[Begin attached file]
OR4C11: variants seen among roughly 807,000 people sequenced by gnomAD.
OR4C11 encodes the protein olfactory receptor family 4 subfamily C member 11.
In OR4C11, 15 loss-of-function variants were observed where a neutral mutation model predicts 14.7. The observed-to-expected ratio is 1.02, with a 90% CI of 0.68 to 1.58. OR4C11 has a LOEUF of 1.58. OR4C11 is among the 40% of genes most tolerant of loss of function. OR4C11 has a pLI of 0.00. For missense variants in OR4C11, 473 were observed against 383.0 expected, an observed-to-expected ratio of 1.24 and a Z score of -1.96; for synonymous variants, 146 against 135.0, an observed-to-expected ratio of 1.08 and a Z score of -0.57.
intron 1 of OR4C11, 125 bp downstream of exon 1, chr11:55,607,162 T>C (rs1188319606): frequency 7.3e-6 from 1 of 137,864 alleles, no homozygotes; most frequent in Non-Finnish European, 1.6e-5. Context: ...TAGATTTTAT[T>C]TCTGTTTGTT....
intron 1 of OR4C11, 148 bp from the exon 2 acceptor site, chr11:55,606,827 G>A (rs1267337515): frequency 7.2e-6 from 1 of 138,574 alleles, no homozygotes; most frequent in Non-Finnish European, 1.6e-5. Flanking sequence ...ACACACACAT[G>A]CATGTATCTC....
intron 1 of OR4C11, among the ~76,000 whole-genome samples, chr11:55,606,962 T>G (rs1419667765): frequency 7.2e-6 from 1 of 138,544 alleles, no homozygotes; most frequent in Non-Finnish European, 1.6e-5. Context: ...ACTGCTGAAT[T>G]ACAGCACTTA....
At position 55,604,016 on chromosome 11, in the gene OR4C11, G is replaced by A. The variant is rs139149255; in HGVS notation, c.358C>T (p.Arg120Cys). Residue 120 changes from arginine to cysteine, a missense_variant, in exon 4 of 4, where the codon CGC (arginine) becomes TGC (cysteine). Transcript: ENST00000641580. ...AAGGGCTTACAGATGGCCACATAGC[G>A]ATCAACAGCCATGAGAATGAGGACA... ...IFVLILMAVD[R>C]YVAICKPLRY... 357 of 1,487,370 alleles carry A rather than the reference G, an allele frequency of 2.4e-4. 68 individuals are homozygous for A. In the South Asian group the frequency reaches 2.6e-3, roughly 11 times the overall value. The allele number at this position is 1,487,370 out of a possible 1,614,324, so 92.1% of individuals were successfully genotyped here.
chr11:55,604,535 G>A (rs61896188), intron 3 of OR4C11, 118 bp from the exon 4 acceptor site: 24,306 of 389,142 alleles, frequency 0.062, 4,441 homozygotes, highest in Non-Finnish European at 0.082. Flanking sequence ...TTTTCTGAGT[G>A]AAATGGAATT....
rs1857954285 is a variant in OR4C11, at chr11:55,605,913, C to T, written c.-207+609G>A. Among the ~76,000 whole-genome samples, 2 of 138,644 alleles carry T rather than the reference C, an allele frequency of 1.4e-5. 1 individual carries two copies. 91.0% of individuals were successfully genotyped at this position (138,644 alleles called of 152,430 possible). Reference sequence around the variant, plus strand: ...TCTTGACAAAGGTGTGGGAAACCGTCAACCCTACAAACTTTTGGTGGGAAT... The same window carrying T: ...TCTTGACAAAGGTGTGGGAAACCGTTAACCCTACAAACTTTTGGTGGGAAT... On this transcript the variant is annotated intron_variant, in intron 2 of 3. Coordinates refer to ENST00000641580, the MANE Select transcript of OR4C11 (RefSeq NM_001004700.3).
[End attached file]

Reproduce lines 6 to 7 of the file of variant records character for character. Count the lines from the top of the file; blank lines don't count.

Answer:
intron 1 of OR4C11, among the ~76,000 whole-genome samples, chr11:55,606,962 T>G (rs1419667765): frequency 7.2e-6 from 1 of 138,544 alleles, no homozygotes; most frequent in Non-Finnish European, 1.6e-5. Context: ...ACTGCTGAAT[T>G]ACAGCACTTA....
At position 55,604,016 on chromosome 11, in the gene OR4C11, G is replaced by A. The variant is rs139149255; in HGVS notation, c.358C>T (p.Arg120Cys). Residue 120 changes from arginine to cysteine, a missense_variant, in exon 4 of 4, where the codon CGC (arginine) becomes TGC (cysteine). Transcript: ENST00000641580. ...AAGGGCTTACAGATGGCCACATAGC[G>A]ATCAACAGCCATGAGAATGAGGACA... ...IFVLILMAVD[R>C]YVAICKPLRY... 357 of 1,487,370 alleles carry A rather than the reference G, an allele frequency of 2.4e-4. 68 individuals are homozygous for A. In the South Asian group the frequency reaches 2.6e-3, roughly 11 times the overall value. The allele number at this position is 1,487,370 out of a possible 1,614,324, so 92.1% of individuals were successfully genotyped here.